the hiring of replacement workers, or scabs, during strikes.
This may not raise eyebrows in the U.S., but only because
U.S. labor laws are among the world’s most backward in
this respect. In Korea, as in most other countries, hiring
strikebreakers has always been illegal.
Breaking the government’s previous
commitment, the new law also maintains the KCTU’s
illegal status. Kwon Young-kil declared that the KCTU would
continue striking "until the government makes an
official commitment to reopen the parliamentary discussions
involving the trade union representatives for a re-amendment
of the labour law." The legislation, he said, "was
passed in an undemocratic manner and contains various
pernicious clauses that are aimed to set back the clock on
both the working conditions and trade union rights."
An offensive against workers’
social benefits is spreading throughout the industrial world.
Last year, when the French goverment went after workers’
health care, and the German government went after their sick
pay and vacation, massive strikes broke out in response.
This international attack has now hit
Korea. The Korean labor law reform not only undermines union
rights, but it also abolishes one of the Korean
industry’s most basic job benefits—employment
security. By making layoffs much easier, the Korean
government is helping Hyundai, Daewoo, and the other chaebols
to shed thousands of employees, while demanding greater
production from those that remain.
The strike wave has one new feature,
however, which promises to give it much greater strength and
staying power—joint action by its unions. Unlike the
struggle of a decade ago, this time the KCTU has been joined,
albeit reluctantly and intermittently, by the
more-conservative Federation of Korean Trade Unions.
The FKTU was organized with the
blessing of the Korean government. It has been a conservative
labor movement, intended to make workers more cooperative in
building the country’s economic miracle. The FKTU
didn’t challenge the chaebols, but insulated them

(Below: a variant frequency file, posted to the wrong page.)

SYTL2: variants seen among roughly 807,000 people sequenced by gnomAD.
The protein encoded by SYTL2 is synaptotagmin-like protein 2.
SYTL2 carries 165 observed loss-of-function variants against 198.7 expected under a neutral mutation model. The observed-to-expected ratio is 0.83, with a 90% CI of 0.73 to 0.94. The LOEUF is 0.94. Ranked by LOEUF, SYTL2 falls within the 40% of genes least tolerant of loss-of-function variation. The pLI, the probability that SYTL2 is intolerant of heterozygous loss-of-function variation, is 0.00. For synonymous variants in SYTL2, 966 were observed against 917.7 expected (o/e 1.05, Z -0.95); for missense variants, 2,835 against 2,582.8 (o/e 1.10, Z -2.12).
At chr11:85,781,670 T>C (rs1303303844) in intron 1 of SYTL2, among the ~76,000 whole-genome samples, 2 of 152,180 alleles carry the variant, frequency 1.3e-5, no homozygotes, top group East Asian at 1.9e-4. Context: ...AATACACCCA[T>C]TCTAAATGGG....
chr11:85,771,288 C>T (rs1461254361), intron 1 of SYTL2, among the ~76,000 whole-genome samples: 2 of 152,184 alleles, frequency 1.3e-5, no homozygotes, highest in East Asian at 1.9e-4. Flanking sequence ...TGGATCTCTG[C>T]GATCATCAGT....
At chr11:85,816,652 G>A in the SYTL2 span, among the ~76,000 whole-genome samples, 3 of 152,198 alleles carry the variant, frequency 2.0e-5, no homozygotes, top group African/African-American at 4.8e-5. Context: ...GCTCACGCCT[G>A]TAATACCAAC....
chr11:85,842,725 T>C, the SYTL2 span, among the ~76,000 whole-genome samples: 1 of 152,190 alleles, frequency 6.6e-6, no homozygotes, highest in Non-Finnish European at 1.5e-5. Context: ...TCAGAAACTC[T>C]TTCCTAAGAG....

instead from a more militant brand of unionism.
During the cold war, the FKTU received
assistance from the International Affairs Department of the
AFL-CIO, which was historically connected to the U.S.
intelligence apparatus. Creating a conservative labor
movement was a U.S. foreign policy objective, part of its
overall political and military support for the South Korean
government and its industrial complex.
As a consequence, when workers rose
against the chaebols a decade ago, they saw the FKTU as part
of the structure of military rule. The Korean labor movement
has been divided since.
But changes in the leadership of the
AFL-CIO have pulled the rug out from under the cold warriors,
and cut off money flowing to conservative unions in countries
like South Korea. At the same time, the anger of Korean
workers at the corruption of the chaebols and the government
has grown so great that if the leaders of the FKTU don’t
respond to it, they will lose their credibility.
This all should be good news to U.S.
workers. The denial of the rights of Korean unions has been a
big attraction for corporate investment, a low-wage magnet
drawing jobs and production. When U.S. unions lined up with
U.S. cold war foreign policy, supporting the South Korean
government and the chaebols, it didn’t just hurt Korean
workers. It cost jobs at home as well.
Korean unions are fighting to level the
world’s economic playing field. They want the same
rights and economic standards workers struck for in France
and Germany, and which (in the case of prohibiting
strikebreakers) workers in the U.S. wish they had.
David Bacon is a freelance writer and
photographer on labor issues.